HAMP-A9E6F1: Post-medieval compass dial

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Unique ID: HAMP-A9E6F1

Object type certainty: Certain
Workflow status: Awaiting validation Find awaiting validation

A slightly bent and damaged copper-alloy compass dial of late medieval date (c. 15th century). The disc has notched protrusions at the cardinal points. There is a small central perforation for a (now missing) needle. The upper surface is marked out with very finely incised lines. Lines connect opposite cardinal points and divide the field into quadrants. There is a double circle border within the circumference. There is also a double circle at the centre (max. dia.: c. 14.5mm). In the centre, within the border, is an 'elaborate' quatrefoil picked out with fine punches, with triangles emerging from the angles of the four leaves. Between the two double circles mentioned, at the cardinal points, are the letters 'S', 'O', 'm', and 'O', again picked out with fine punching. These initials represent the first letters of the points of the compass in Latin: Septentrio (north), Oriens (east), Meridies (south), Occidens (west). A parallel can be found illustrated in Margeson (1993, 71-72; ref. 447); although this was found in an 18th-century context the author argues for an early 16th-century date on the basis of the lettering style. Dr John Davis who has been studying this and related pieces suggests a late medieval date in the 15th century. This artefact has developed a mid/dark-green patina with some fine pitting. It has been slightly bent in profile, and has suffered a small bend and crack at the circumference.


As noted below by John Davis of the British Sundial Society this is likely to be the base of a composite object incorporating a sundial. Thanks are extended to him for these useful comments.

Dr Davis has had the compass base analysed to establish its metallurgical composition by B Gilmour in Oxford. It was shown to comprise 89.4% copper, 7.6% silver, with remaining 3.0% small parts tin, lead, iron and other elements. Compared to other medieval devices is has the highest copper content; the high levels of silver suggesting a silver-rich ore. Thanks are extended to the finder for passing this information on.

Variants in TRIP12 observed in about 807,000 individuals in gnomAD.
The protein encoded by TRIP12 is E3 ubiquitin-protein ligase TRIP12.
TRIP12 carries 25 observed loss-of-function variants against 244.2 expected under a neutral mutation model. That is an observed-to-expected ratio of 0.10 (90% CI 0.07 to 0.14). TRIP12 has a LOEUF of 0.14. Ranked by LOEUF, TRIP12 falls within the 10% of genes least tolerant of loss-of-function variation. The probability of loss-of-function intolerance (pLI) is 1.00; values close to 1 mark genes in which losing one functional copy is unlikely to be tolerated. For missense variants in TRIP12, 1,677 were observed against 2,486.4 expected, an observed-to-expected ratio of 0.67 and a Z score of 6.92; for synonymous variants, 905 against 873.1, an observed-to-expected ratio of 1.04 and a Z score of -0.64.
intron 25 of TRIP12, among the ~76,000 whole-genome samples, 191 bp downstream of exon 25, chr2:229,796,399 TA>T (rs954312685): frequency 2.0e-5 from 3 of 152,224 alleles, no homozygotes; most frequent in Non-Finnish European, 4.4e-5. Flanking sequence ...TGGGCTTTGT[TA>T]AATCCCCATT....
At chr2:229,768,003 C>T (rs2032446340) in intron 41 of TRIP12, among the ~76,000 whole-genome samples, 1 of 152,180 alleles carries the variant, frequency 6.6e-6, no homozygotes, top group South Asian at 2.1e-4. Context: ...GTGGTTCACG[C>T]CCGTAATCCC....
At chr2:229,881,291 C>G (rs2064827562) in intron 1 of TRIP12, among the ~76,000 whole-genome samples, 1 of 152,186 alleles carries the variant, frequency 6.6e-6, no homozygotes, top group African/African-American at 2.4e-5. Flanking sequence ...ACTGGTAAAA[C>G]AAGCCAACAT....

Find of note status

This has been noted as an interesting find by the recorder.

Class: dial
Inscription: S O m O

Subsequent actions

Subsequent action after recording: Returned to finder


Broad period: MEDIEVAL
Subperiod from: Late
Period from: MEDIEVAL
Date from: Circa AD 1430
Date to: Circa AD 1500

Dimensions and weight

Quantity: 1
Length: 34.15 mm
Width: 33.3 mm
Thickness: 0.55 mm
Weight: 3.28 g

Discovery dates

Date(s) of discovery: Thursday 1st January 2009

Personal details

Found by: This information is restricted for your login.
Recorded by: Mr Robert Webley
Identified by: Mr Robert Webley
Secondary identifier: Dr John Davis

Other reference numbers

Other reference: E2717; 11

Materials and construction

Primary material: Copper alloy
Completeness: Uncertain

Spatial metadata

Region: South West (European Region)
County or Unitary authority: Dorset (County)
District: North Dorset (District)
Parish or ward: Gillingham (Civil Parish)

Spatial coordinates

4 Figure: ST7927
Four figure Latitude: 51.041966
Four figure longitude: -2.300912
1:25K map: ST7927
1:10K map: ST72NE
Grid reference source: GPS (from the finder)
Unmasked grid reference accurate to a 1 metre square.

Discovery metadata

Method of discovery: Metal detector
General landuse: Cultivated land

References cited

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Timeline of associated dates

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1 comment

  • John Davis wrote @ 09:42:51 on the 30th August 2011.

    I believe that this is the base of the compass-box of a late-medieval compendium, (1450-1500) the lid of which would have been a nocturnal (4 examples on the PAS database) and including an equinoctial sundial. There are examples of the complete instrument in the British Museum and the Oxford Museum of the History of Science.

Audit data

Recording Institution: HAMP
Created: 9 years ago
Updated: 7 years ago

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